6. 1B Ike Davis

I really hope that the Mets keep Ike Davis. I am probably in the minority here, but I am just not ready to give up on him. If he reaches his potential he can be a guy that gives you anywhere from 30-40 homers a year. Because of this, I think you’ve got to put him in the 6 spot. Doing this also allows you to have lefties and righties alternating down the order until you get to the 7 and 8 spots. If he plays well, you may see him move up throughout the season.

7. C Travis d’Arnaud

Travis’ disappointed with the bat a bit during his first taste of the majors a year ago, but I think most Mets fans, including myself, think he can improve in his sophomore campaign. If he stays healthy, I think he hits pretty well and is a contributor for the Mets this year.

8. SS Ruben Tejada

Ruben is another player that just wants to make you rip your hair out sometimes. In 2012 1t age 22, he gave all of us a taste of how good he can be. What did he do for a follow up? Nothing. Absolutely nothing. However, there is a possibility that he returns to form. But, until he does, he should be in the 8th spot.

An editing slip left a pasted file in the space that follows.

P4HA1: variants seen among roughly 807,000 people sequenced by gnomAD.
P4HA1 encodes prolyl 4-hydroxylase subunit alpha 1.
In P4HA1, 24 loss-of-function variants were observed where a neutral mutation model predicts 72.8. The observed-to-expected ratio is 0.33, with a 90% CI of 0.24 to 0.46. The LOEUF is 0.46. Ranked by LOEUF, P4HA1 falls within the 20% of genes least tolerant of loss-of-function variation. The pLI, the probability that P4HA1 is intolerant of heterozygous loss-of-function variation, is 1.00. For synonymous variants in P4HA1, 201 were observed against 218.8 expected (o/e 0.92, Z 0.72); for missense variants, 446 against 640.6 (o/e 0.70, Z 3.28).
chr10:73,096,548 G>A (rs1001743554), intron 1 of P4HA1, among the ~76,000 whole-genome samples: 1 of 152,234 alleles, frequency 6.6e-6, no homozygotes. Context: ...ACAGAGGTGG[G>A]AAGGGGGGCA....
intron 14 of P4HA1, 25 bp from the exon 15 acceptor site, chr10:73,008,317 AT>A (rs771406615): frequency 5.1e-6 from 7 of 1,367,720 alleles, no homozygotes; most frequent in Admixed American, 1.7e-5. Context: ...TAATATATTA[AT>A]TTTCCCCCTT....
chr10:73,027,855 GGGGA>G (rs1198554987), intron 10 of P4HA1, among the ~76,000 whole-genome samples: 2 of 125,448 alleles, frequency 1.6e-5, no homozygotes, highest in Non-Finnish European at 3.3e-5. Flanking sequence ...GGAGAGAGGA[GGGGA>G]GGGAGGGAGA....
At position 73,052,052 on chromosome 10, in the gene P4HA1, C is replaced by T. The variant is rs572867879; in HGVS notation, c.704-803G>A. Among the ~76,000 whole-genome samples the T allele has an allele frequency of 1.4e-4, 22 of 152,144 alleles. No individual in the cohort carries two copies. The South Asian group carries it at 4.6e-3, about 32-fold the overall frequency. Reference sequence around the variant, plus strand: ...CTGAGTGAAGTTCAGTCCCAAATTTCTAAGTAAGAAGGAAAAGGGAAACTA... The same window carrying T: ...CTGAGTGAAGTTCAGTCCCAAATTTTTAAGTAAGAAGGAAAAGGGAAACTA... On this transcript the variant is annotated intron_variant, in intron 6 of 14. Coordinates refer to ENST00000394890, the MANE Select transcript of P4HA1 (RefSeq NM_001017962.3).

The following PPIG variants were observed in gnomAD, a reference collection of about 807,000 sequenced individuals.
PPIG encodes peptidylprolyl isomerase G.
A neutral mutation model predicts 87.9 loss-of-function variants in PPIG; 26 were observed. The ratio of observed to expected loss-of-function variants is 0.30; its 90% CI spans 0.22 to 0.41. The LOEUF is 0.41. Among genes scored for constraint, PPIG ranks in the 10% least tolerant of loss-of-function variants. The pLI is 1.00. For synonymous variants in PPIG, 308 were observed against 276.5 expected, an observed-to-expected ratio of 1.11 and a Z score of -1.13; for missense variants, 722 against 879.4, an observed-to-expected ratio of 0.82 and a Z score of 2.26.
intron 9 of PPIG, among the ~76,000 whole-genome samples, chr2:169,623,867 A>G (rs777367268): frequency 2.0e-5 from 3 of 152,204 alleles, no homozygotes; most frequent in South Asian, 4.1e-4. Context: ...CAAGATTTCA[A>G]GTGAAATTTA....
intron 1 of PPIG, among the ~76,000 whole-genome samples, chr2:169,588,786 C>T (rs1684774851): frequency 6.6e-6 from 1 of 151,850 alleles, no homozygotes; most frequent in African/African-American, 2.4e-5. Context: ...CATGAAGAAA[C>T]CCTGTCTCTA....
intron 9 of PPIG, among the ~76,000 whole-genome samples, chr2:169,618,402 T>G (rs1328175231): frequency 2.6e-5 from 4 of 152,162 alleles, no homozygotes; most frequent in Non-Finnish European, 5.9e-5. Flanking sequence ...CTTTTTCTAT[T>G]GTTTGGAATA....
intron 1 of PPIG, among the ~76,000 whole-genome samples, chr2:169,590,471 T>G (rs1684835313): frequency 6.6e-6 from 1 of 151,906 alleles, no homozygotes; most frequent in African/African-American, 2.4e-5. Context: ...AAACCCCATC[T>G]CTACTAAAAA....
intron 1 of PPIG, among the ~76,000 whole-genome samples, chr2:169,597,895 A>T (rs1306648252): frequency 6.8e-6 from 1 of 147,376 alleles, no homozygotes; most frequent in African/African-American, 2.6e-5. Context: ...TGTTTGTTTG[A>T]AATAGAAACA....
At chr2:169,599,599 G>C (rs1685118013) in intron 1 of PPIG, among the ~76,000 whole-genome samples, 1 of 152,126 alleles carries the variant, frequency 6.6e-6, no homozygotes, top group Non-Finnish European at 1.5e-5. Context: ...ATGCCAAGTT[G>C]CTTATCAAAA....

* * * * * * * *

This Fan Shot was contributed by MMO reader David Eckert. Have something you want to say about the Mets? Share your opinions with over 25,000 Mets fans who read this site daily. Send your Fan Shot to Or ask us about becoming a regular contributor.

]]> 0
MMO Fan Shot: Replacing What Was Lost, Will $29.25 Million Suffice? Thu, 09 Jan 2014 17:30:53 +0000 fred wilpon

An MMO Fan Shot by Ryan Flanagan

Recent off-seasons for the Metropolitans have been full of angst, speculation and in the end, money unspent and fans restless. As the Mets were a top three spender of all MLB franchises just a few years ago, the team’s off-the-field financial decisions, most notably the participation in the ill-famed Ponzi scheme run by Bernie Madoff, have limited the club’s ability to take on payroll in recent years.